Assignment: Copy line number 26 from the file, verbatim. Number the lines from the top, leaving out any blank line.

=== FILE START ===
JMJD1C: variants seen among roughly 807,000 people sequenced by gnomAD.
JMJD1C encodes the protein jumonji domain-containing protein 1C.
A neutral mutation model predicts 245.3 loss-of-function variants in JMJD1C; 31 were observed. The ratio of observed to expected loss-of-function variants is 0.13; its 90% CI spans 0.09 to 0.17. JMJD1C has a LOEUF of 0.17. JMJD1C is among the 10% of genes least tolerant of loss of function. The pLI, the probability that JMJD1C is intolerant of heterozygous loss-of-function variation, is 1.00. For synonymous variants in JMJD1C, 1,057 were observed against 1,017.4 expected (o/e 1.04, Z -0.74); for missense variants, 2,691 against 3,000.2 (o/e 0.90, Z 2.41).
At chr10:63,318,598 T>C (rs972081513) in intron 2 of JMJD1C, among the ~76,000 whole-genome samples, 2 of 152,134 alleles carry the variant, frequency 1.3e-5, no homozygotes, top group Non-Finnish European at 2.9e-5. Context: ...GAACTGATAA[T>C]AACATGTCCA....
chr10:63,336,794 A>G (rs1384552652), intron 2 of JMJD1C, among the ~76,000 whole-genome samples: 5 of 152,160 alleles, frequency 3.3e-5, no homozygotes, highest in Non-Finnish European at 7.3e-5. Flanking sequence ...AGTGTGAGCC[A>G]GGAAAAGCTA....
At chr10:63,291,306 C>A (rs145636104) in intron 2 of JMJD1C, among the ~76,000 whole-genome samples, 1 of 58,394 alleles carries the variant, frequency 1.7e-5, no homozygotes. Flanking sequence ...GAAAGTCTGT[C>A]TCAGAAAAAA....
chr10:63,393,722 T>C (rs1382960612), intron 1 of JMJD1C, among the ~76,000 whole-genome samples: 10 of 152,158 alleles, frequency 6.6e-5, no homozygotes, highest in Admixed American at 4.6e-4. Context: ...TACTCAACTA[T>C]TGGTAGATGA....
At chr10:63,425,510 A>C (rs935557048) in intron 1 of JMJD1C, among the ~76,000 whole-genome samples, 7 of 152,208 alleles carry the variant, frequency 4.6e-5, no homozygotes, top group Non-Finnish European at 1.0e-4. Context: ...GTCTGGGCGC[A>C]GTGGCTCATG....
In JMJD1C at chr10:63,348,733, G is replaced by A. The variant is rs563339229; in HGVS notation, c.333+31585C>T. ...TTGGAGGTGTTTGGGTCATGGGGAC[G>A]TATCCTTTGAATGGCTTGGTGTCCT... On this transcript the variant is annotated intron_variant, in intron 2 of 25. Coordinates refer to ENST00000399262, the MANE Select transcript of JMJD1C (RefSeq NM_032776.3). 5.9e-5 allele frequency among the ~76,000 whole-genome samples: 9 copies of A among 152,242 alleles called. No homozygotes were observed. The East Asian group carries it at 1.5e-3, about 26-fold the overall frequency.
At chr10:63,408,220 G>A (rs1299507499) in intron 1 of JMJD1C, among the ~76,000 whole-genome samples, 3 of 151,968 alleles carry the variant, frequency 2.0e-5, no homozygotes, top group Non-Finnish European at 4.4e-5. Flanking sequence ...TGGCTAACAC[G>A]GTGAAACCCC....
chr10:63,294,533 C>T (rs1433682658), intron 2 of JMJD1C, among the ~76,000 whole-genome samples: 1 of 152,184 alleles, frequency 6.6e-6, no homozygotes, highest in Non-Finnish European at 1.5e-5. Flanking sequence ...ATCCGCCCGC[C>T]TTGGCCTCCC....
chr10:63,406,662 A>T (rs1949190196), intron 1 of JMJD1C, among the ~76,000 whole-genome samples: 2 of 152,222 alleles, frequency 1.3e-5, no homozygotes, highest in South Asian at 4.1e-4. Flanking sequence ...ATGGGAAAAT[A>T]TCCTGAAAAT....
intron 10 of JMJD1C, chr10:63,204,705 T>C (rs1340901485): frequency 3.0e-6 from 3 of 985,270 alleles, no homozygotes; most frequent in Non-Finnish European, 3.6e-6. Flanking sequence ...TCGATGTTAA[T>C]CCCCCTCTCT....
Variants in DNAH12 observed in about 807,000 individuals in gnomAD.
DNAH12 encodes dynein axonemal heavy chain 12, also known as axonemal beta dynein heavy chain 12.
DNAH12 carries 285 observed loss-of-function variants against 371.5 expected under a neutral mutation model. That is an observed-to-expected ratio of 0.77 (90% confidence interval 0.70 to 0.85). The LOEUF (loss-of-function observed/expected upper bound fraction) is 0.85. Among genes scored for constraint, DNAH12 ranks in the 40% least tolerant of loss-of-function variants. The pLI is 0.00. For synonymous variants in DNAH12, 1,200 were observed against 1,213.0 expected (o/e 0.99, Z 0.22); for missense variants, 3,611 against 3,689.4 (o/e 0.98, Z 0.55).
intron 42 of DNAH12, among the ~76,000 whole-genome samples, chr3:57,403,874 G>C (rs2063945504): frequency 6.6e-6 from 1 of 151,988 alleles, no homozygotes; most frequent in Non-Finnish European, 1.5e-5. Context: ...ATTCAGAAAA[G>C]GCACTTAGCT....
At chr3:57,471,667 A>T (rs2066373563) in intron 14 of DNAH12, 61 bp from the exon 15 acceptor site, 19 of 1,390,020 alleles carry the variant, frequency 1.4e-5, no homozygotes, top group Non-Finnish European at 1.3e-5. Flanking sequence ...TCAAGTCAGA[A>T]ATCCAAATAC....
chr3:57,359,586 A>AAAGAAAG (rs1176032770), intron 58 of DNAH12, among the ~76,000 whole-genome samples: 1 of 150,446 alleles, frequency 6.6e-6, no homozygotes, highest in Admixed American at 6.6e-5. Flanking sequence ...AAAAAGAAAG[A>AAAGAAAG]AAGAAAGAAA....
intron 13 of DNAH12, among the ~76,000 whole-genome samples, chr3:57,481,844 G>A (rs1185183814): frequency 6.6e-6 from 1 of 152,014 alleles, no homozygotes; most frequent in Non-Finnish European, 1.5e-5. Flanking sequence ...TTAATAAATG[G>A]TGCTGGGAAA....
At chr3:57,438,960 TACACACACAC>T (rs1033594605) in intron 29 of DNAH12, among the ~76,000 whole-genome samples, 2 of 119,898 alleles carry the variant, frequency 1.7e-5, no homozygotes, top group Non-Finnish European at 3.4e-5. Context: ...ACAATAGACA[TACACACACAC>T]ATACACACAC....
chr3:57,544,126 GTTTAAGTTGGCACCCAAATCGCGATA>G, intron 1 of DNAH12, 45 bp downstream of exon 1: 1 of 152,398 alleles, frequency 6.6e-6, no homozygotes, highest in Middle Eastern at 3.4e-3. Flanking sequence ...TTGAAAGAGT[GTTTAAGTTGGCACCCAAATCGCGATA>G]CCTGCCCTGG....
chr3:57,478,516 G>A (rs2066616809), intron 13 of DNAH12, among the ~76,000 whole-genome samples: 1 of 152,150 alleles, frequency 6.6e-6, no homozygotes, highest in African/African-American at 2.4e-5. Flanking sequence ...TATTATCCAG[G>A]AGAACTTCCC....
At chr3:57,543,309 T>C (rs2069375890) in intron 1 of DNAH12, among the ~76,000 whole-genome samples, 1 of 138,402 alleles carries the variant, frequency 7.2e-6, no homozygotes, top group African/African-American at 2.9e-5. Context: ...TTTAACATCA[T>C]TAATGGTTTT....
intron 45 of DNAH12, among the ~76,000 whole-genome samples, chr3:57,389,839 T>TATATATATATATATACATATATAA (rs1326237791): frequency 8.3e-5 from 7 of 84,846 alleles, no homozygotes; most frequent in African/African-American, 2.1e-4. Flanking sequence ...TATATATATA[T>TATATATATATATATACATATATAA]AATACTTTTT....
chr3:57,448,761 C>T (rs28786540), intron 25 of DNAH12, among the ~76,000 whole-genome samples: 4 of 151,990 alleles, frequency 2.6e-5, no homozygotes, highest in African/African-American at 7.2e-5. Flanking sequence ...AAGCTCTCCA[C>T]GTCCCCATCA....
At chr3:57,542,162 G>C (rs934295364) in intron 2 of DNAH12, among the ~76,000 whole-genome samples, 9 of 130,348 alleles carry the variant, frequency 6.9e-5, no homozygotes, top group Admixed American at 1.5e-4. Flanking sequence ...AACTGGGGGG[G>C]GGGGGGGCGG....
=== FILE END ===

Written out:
chr3:57,448,761 C>T (rs28786540), intron 25 of DNAH12, among the ~76,000 whole-genome samples: 4 of 151,990 alleles, frequency 2.6e-5, no homozygotes, highest in African/African-American at 7.2e-5. Flanking sequence ...AAGCTCTCCA[C>T]GTCCCCATCA....